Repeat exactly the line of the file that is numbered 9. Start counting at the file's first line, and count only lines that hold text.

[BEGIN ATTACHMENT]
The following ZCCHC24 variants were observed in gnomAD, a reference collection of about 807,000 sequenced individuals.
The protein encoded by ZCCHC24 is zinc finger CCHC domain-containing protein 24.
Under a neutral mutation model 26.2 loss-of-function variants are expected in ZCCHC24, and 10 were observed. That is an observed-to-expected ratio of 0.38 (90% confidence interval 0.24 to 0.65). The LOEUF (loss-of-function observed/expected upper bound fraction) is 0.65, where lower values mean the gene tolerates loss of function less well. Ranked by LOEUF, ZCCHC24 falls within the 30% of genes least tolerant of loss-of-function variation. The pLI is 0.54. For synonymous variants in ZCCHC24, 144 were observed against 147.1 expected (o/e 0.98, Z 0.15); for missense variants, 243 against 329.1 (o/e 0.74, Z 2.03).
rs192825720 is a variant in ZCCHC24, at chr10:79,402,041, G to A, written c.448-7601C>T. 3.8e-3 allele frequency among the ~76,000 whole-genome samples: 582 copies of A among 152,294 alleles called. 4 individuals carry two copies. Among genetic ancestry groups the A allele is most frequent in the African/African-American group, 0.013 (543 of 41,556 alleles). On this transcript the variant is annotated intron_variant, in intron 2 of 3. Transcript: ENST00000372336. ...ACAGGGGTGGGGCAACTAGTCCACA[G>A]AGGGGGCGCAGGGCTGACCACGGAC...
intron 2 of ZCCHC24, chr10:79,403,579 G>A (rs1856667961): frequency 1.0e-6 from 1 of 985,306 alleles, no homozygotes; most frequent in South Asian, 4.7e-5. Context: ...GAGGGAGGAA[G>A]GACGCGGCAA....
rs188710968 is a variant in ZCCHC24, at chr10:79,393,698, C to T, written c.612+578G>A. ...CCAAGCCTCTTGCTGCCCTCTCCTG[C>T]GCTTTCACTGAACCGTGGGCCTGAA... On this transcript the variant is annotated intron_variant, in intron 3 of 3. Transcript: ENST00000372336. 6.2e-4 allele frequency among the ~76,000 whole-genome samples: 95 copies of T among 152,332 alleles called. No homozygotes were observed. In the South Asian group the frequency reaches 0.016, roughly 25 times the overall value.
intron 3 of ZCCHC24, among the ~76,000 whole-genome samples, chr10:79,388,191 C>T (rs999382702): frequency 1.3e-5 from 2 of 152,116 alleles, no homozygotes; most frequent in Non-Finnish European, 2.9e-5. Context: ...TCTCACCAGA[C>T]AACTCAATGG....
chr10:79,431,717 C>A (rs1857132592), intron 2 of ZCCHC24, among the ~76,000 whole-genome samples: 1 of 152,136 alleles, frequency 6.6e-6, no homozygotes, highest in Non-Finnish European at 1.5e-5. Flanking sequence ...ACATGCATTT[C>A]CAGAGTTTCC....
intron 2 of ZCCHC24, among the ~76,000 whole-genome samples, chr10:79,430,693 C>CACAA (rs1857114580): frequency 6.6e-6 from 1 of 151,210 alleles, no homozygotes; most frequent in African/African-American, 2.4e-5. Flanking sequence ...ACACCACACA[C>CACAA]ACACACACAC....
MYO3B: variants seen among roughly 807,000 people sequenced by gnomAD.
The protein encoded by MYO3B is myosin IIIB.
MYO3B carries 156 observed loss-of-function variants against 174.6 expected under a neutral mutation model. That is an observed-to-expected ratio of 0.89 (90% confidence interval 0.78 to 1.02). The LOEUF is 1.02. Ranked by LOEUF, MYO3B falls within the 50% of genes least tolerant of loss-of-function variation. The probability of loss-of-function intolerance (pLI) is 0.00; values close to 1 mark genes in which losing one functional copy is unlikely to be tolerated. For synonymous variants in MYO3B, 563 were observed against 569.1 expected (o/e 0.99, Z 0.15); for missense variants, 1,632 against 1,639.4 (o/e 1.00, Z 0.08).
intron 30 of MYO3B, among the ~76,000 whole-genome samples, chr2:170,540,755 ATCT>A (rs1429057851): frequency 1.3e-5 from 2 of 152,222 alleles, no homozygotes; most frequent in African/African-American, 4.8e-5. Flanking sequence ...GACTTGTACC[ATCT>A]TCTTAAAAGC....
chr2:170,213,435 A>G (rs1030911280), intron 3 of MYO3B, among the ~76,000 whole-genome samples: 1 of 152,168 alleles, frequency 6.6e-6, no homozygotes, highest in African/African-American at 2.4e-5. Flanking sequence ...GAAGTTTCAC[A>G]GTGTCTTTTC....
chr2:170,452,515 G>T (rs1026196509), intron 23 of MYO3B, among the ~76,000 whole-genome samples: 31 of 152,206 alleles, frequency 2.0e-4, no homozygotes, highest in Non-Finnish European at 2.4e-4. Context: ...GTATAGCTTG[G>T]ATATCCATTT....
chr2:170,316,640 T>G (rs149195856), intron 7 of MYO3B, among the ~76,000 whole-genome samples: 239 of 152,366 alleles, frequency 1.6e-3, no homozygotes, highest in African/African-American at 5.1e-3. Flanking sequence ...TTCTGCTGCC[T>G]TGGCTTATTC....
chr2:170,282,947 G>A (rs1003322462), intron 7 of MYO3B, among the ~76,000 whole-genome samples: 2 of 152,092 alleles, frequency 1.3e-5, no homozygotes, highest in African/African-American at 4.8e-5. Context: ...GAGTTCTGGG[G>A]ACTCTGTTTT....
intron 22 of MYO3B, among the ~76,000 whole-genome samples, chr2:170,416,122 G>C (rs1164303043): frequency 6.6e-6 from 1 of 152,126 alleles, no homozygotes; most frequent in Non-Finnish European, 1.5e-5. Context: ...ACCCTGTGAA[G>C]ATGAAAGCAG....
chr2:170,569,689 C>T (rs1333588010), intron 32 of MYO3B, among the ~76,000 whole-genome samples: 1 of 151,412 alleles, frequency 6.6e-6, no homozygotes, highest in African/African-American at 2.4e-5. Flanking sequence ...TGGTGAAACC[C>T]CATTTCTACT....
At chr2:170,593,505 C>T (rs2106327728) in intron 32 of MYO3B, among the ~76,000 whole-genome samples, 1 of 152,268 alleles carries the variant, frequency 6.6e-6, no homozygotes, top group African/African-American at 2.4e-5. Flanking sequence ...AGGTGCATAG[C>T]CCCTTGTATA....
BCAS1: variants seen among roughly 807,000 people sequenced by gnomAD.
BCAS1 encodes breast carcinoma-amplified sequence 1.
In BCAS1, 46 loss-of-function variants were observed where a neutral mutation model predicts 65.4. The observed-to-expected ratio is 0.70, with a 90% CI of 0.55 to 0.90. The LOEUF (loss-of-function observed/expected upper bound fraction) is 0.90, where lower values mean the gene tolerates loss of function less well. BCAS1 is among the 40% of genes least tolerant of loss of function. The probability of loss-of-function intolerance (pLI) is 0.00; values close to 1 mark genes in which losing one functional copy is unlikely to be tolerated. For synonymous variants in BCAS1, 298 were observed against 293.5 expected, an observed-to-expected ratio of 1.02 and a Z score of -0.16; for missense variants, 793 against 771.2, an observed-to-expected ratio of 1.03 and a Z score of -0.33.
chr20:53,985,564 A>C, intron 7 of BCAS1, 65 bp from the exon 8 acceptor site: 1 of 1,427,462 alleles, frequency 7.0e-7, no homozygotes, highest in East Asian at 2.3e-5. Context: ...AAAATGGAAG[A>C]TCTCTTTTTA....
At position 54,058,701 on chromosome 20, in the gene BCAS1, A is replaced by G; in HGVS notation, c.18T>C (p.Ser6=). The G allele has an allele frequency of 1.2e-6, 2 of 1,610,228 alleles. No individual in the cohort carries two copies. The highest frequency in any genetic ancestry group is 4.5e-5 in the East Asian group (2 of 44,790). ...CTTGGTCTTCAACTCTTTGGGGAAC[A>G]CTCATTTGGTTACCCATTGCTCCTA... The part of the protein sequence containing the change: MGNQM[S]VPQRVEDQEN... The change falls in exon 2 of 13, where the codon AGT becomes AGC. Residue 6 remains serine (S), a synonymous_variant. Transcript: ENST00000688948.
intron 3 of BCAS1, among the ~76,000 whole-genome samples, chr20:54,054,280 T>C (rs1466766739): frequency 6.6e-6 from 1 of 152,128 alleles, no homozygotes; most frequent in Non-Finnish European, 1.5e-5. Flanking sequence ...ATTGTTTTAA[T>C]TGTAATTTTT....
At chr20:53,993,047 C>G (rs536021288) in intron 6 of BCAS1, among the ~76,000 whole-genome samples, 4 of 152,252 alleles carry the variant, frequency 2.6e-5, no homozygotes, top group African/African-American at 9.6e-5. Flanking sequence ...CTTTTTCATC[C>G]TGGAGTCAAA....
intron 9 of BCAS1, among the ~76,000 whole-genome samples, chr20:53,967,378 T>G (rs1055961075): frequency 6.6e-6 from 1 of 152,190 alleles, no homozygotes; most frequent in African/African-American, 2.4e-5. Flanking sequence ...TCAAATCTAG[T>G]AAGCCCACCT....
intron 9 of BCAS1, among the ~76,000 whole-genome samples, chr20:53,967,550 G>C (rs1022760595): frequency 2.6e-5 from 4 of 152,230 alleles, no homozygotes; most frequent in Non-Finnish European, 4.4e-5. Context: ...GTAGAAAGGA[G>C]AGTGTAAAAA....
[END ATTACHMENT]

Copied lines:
intron 2 of ZCCHC24, among the ~76,000 whole-genome samples, chr10:79,430,693 C>CACAA (rs1857114580): frequency 6.6e-6 from 1 of 151,210 alleles, no homozygotes; most frequent in African/African-American, 2.4e-5. Flanking sequence ...ACACCACACA[C>CACAA]ACACACACAC....